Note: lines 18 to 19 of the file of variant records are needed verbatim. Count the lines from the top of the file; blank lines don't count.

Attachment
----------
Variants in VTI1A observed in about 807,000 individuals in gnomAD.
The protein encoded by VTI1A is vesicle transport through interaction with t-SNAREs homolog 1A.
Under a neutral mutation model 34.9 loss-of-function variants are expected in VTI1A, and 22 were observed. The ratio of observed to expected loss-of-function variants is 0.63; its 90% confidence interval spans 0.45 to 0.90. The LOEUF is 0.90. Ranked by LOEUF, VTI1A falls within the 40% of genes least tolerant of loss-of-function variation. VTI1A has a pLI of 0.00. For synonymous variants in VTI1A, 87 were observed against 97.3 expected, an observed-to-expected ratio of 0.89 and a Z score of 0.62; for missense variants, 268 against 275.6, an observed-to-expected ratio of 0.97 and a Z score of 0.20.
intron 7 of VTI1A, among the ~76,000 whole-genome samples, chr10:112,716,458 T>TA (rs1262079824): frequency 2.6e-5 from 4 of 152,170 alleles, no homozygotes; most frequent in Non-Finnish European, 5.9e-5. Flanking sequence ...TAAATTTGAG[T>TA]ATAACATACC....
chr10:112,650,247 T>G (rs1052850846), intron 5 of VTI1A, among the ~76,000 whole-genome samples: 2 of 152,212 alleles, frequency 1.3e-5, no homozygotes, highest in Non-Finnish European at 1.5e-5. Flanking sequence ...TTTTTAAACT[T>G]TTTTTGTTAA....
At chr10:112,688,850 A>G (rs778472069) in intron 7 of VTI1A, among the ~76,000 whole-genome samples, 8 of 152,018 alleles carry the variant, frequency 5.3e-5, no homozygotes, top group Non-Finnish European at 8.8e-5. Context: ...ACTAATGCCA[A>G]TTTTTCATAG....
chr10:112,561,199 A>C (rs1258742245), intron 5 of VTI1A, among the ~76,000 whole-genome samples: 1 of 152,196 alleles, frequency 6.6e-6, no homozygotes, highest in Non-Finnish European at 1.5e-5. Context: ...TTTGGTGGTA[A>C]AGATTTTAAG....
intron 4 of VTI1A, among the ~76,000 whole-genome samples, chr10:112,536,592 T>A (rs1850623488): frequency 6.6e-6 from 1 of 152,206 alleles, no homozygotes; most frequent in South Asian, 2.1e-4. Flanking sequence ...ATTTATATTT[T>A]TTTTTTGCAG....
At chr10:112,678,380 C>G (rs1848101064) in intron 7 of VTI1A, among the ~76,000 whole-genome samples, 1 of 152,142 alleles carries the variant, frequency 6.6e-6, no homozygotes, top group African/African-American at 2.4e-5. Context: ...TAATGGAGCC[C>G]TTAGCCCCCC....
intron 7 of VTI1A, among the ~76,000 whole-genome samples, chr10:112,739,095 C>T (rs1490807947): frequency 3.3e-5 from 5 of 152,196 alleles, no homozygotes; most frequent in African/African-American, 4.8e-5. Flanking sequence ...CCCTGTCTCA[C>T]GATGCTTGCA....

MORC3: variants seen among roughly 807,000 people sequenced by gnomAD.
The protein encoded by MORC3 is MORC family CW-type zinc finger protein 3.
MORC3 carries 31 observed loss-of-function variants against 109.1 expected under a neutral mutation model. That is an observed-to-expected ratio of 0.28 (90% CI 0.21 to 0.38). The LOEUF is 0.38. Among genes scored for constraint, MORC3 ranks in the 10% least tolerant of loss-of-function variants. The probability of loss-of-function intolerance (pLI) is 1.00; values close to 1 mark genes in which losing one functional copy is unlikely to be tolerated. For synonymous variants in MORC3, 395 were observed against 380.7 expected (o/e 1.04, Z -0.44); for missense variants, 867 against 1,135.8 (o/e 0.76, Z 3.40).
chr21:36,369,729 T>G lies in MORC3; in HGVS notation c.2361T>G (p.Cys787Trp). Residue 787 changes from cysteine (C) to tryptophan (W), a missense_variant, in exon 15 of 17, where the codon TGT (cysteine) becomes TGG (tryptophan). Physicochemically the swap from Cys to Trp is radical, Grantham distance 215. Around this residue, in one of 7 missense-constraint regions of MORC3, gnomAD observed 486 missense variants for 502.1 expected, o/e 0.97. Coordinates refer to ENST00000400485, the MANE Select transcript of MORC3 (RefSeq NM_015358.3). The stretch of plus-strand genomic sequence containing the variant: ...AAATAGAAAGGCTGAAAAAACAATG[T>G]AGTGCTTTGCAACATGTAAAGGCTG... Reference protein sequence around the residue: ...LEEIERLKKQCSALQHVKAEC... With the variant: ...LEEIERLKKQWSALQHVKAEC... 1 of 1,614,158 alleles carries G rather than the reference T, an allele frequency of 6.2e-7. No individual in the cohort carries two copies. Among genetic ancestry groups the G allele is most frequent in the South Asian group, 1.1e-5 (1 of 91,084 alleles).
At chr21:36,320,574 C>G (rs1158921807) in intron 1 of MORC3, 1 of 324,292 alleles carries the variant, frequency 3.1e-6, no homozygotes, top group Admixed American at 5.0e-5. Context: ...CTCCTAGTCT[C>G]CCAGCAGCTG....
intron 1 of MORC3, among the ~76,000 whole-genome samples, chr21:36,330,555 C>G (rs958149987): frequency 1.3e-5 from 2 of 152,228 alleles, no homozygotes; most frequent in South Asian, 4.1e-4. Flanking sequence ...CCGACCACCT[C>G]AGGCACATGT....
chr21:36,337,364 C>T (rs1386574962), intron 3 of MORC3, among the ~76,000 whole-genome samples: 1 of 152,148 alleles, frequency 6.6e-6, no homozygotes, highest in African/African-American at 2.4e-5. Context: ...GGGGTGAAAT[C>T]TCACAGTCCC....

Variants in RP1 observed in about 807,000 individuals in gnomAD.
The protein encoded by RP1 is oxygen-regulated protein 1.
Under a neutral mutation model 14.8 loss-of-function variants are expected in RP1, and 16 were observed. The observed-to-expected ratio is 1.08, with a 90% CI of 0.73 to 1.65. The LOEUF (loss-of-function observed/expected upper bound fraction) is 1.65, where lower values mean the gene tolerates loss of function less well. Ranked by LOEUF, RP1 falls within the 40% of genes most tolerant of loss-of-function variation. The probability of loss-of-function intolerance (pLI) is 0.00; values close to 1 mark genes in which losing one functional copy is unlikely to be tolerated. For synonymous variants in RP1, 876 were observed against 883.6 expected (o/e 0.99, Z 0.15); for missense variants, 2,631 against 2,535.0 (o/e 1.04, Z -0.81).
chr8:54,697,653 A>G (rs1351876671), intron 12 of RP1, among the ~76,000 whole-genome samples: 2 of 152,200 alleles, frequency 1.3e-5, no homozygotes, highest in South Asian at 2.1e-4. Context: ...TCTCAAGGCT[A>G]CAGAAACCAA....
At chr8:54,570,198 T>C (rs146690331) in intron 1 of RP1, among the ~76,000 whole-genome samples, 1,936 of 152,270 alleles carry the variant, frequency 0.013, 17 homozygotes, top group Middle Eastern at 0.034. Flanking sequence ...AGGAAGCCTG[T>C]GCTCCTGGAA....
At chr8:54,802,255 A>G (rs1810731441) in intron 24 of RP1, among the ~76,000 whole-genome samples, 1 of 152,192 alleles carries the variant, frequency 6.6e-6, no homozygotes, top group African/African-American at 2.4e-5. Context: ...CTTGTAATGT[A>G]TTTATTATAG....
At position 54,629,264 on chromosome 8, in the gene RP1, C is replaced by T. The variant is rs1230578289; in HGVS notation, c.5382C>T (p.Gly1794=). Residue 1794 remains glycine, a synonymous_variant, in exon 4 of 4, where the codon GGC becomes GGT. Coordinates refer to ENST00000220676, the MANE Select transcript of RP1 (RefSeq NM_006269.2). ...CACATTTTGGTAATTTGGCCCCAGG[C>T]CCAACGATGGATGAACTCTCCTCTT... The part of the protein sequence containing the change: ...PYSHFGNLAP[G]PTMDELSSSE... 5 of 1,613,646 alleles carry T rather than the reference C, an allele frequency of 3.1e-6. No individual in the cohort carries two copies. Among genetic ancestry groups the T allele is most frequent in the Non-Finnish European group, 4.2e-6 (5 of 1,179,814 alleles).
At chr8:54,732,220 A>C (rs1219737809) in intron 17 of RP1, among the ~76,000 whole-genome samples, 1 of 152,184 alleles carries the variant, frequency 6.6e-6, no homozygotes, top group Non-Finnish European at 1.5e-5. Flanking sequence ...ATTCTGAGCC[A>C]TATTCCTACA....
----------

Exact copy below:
Variants in RP1 observed in about 807,000 individuals in gnomAD.
The protein encoded by RP1 is oxygen-regulated protein 1.